Carys has a rule not to accept hot drinks from clients, so declines as she always does. Morgana turns on the coffee machine. Carys brushes away food scraps, takes the plastic and glass recycling to the bins outside, sweeps and bleaches the floor. Morgana drinks her cappuccino and talks about Isla’s party at the weekend. Carys makes appropriate noises in response. Morgana is one of only a few clients who talk to her while she’s working; she suspects the others hide, or pretend to be very busy at their laptops; but she has seen games of solitaire on the screens. Once, at the end of a shift, she passed a café and saw the client whose house she had been cleaning sitting in front of their laptop.  

Kitchen finished, Carys takes her cleaning supplies to the family bathroom. Morgana follows to the threshold.

‘Hey,’ she says, ‘you’re married?’

Carys starts; had she talked about her husband? She had a dream about him the night before and its cobwebs have clung to her all day. Then she follows Morgana’s gaze to her ring finger; her hands are usually concealed by latex gloves but she’d just run out.

‘Yes,’ Carys says, ‘married for fifteen years.’ 

Morgana doesn’t need to know that her husband died three years ago, after the black tentacles of cancer latched onto him.

‘Ahh, quite the stretch.’ 

Morgana wants to hear more; Carys doesn’t want to say more.

After a pause, Morgana starts talking about her husband. Now that the lockdown rules have been lifted, he is in the office almost every day and out a lot in the evenings.

‘It’s like he doesn’t want to spend time with us,’ Morgana moans. ‘I’m sure people aren’t meant to go back to work full-time in offices even now.’

‘I’m sure he’s very busy,’ Carys says meaninglessly.

She removes the plastic bag from the bin, stuffing the tissues that were on the floor into it. Her hands brush against a plastic stick. She shouldn’t look, but she does. There are two pink lines on the stick. It could be a Covid test, but the ones she has used have C and T on them. Morgana is looking at her phone, so hasn’t noticed. Carys wonders whether to tell her about what might be a pregnancy test, but what if it is Morgana’s rather than Isla’s? Despite the amount of time she has spent listening to her client, she doesn’t know how old she is: she could be anywhere between 35 and 45.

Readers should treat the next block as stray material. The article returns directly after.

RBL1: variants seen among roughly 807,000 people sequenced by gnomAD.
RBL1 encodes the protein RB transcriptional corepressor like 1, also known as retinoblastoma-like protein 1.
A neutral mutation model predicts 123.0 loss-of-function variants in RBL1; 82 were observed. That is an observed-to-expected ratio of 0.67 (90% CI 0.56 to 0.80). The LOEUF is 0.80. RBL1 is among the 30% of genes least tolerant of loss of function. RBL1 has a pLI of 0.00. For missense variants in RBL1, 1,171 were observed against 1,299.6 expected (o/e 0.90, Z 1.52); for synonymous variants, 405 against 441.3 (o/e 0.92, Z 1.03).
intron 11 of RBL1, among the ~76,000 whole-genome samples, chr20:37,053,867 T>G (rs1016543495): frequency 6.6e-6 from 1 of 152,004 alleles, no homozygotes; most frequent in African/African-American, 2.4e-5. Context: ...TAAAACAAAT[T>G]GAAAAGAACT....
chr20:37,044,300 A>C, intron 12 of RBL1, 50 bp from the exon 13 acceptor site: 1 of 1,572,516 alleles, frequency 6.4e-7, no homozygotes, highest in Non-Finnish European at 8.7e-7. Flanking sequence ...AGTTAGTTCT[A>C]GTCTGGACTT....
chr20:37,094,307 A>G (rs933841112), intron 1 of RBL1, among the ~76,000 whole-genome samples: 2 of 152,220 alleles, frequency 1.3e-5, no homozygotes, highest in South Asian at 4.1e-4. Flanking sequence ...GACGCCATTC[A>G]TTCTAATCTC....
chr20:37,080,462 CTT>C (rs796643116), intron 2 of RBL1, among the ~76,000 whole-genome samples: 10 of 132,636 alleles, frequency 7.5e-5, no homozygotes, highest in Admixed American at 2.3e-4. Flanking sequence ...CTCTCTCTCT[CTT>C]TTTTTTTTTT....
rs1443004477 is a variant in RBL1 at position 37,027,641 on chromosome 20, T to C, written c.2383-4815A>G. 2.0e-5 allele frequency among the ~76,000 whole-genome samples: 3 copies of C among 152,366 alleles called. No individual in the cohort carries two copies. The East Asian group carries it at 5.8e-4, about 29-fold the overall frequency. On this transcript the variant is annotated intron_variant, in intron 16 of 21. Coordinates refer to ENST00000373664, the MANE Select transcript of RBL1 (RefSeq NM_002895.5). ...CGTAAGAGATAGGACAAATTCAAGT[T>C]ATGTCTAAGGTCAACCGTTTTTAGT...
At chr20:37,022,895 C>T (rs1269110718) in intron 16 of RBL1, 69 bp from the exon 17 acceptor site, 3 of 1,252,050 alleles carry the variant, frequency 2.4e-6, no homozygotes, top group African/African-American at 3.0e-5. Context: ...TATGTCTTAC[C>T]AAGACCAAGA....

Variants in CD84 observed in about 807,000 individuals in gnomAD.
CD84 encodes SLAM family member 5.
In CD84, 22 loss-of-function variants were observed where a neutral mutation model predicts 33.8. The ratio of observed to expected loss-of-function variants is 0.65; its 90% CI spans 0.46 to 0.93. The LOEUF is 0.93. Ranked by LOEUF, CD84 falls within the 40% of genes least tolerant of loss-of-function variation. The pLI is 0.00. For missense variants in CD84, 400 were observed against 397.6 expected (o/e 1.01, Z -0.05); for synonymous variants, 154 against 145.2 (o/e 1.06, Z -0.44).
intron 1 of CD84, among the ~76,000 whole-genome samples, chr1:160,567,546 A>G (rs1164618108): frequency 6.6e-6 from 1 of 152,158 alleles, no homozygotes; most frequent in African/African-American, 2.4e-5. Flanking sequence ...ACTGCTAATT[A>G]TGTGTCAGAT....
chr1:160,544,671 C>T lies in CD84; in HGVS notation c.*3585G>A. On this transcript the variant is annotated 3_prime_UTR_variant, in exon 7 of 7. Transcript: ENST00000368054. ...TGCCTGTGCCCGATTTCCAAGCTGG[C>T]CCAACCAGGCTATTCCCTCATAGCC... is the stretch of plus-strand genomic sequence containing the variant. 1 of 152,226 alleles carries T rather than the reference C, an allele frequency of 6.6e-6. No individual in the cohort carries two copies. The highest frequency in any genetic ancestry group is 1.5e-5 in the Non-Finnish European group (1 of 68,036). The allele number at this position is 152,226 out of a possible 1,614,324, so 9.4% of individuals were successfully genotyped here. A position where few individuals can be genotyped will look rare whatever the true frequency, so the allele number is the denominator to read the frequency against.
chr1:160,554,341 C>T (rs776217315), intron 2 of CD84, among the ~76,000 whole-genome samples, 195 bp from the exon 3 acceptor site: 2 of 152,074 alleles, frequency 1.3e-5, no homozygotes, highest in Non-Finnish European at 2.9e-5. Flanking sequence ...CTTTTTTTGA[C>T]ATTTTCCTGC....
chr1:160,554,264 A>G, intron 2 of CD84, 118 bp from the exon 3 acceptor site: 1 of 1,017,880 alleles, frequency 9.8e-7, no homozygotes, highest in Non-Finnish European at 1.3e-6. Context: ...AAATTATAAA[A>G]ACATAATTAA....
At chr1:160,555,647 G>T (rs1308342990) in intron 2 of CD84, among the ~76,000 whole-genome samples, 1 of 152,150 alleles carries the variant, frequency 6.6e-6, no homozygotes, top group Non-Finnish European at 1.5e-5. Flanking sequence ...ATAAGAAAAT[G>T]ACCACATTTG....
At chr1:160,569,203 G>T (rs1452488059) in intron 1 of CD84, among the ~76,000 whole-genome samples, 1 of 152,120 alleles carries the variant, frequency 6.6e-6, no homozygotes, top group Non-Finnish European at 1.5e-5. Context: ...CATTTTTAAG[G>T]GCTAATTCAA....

Carys ties the handles of the bag and places it outside the bathroom. She washes her hands for twenty seconds, singing ‘Happy Birthday’ twice in her head. Then she sweeps up the hair on the floor, sluices water, scrubs sink-grime and tackles shower-mould. Morgana’s phone rings, and she walks away to answer it.

In the hall, Carys feather-dusts photos of Isla at various ages. She sprays glass cleaner on the wedding photo of Morgana and her husband Al. In the photo, Morgana is wearing a surgical-white gown with a sweetheart neckline, which Carys knows was handmade in London, and clutches a bouquet of deep-red roses; Al wears a matching red tie and button-hole rose. Carys and her husband don’t look like that in their one wedding photo. They married on a trip to Scotland, witnessed by two registry office staff, one of whom had taken the photo. She wore a pale blue dress, her husband a checked shirt. Their daughter was born nine months to the day later. Has she ever told Morgana she has a daughter? Clemmie is the same age as Isla; Carys cannot imagine her daughter with a baby.

Carys’s final task is the living room. They have a cat the colour of Morgana’s wedding dress, and Carys lint-rolls its hair off the sofa. She feels a pang as she does it – her fingers are a bit arthritic now.

The four hours (plus ten minutes, which she won’t be paid for) are up. Carys calls to Morgana that she is leaving; Morgana shouts goodbye from upstairs. The cat gives a sad-sounding miaow.

Carys wipes her sweaty face with a piece of kitchen roll, lugs her bucket and brushes to her car, and drives away. One more client to go, and then she can clean her own home. 

As she drives down Morgana’s road, she passes a car parked at the far end. She recognises the man on the driver’s side from the wedding photo she has just dusted, but not the woman. They do not see her.

*

Sam Szanto lives in Durham. Almost 40 of her stories and poems have been published or listed in competitions. In March, she won second prize in the Writer’s Mastermind Story Contest. She was a winner in the Literary Taxidermy awards, won second prize in the Doris Gooderson Competition 2019, and third prize in the Erewash Open Competition 2021. She won the 2020 Charroux Prize for Poetry and the First Writers International Poetry Competition.